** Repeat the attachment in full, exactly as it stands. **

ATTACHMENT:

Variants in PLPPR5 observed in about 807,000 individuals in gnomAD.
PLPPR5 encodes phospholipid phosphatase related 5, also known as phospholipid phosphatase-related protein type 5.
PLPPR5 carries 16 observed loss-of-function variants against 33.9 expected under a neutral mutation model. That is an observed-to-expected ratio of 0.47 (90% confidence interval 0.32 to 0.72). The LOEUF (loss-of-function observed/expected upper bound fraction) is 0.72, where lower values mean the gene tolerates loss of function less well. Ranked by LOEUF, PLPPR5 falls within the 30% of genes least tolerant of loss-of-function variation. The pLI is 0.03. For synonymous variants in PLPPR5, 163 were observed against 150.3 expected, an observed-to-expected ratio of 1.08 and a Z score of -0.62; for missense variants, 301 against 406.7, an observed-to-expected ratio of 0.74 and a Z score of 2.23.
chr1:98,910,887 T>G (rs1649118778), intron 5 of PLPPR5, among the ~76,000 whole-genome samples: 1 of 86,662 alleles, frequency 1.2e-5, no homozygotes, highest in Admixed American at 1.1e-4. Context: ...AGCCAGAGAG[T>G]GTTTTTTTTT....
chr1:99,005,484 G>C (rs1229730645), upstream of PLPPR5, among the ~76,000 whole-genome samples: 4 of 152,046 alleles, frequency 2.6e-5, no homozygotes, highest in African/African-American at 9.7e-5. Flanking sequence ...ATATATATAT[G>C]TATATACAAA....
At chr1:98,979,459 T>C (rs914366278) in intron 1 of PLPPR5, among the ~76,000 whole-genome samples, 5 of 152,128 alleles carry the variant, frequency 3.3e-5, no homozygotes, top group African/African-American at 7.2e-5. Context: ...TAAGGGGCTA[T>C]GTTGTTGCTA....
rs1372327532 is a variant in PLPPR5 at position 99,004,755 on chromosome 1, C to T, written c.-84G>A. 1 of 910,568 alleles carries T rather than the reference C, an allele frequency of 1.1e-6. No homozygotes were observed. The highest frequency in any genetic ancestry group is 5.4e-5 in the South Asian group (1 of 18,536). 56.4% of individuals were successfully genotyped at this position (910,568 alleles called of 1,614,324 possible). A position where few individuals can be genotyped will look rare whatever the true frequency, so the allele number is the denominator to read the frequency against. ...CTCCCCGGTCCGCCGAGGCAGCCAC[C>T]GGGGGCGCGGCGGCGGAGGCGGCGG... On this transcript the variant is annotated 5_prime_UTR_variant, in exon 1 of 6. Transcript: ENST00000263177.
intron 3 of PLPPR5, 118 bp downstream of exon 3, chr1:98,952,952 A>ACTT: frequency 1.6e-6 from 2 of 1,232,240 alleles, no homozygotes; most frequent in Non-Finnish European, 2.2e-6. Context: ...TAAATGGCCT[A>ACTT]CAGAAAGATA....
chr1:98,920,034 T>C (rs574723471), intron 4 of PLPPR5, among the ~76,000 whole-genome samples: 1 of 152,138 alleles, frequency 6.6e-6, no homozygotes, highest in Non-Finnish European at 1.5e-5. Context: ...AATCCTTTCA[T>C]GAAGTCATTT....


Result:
Variants in PLPPR5 observed in about 807,000 individuals in gnomAD.
PLPPR5 encodes phospholipid phosphatase related 5, also known as phospholipid phosphatase-related protein type 5.
PLPPR5 carries 16 observed loss-of-function variants against 33.9 expected under a neutral mutation model. That is an observed-to-expected ratio of 0.47 (90% confidence interval 0.32 to 0.72). The LOEUF (loss-of-function observed/expected upper bound fraction) is 0.72, where lower values mean the gene tolerates loss of function less well. Ranked by LOEUF, PLPPR5 falls within the 30% of genes least tolerant of loss-of-function variation. The pLI is 0.03. For synonymous variants in PLPPR5, 163 were observed against 150.3 expected, an observed-to-expected ratio of 1.08 and a Z score of -0.62; for missense variants, 301 against 406.7, an observed-to-expected ratio of 0.74 and a Z score of 2.23.
chr1:98,910,887 T>G (rs1649118778), intron 5 of PLPPR5, among the ~76,000 whole-genome samples: 1 of 86,662 alleles, frequency 1.2e-5, no homozygotes, highest in Admixed American at 1.1e-4. Context: ...AGCCAGAGAG[T>G]GTTTTTTTTT....
chr1:99,005,484 G>C (rs1229730645), upstream of PLPPR5, among the ~76,000 whole-genome samples: 4 of 152,046 alleles, frequency 2.6e-5, no homozygotes, highest in African/African-American at 9.7e-5. Flanking sequence ...ATATATATAT[G>C]TATATACAAA....
At chr1:98,979,459 T>C (rs914366278) in intron 1 of PLPPR5, among the ~76,000 whole-genome samples, 5 of 152,128 alleles carry the variant, frequency 3.3e-5, no homozygotes, top group African/African-American at 7.2e-5. Context: ...TAAGGGGCTA[T>C]GTTGTTGCTA....
rs1372327532 is a variant in PLPPR5 at position 99,004,755 on chromosome 1, C to T, written c.-84G>A. 1 of 910,568 alleles carries T rather than the reference C, an allele frequency of 1.1e-6. No homozygotes were observed. The highest frequency in any genetic ancestry group is 5.4e-5 in the South Asian group (1 of 18,536). 56.4% of individuals were successfully genotyped at this position (910,568 alleles called of 1,614,324 possible). A position where few individuals can be genotyped will look rare whatever the true frequency, so the allele number is the denominator to read the frequency against. ...CTCCCCGGTCCGCCGAGGCAGCCAC[C>T]GGGGGCGCGGCGGCGGAGGCGGCGG... On this transcript the variant is annotated 5_prime_UTR_variant, in exon 1 of 6. Transcript: ENST00000263177.
intron 3 of PLPPR5, 118 bp downstream of exon 3, chr1:98,952,952 A>ACTT: frequency 1.6e-6 from 2 of 1,232,240 alleles, no homozygotes; most frequent in Non-Finnish European, 2.2e-6. Context: ...TAAATGGCCT[A>ACTT]CAGAAAGATA....
chr1:98,920,034 T>C (rs574723471), intron 4 of PLPPR5, among the ~76,000 whole-genome samples: 1 of 152,138 alleles, frequency 6.6e-6, no homozygotes, highest in Non-Finnish European at 1.5e-5. Context: ...AATCCTTTCA[T>C]GAAGTCATTT....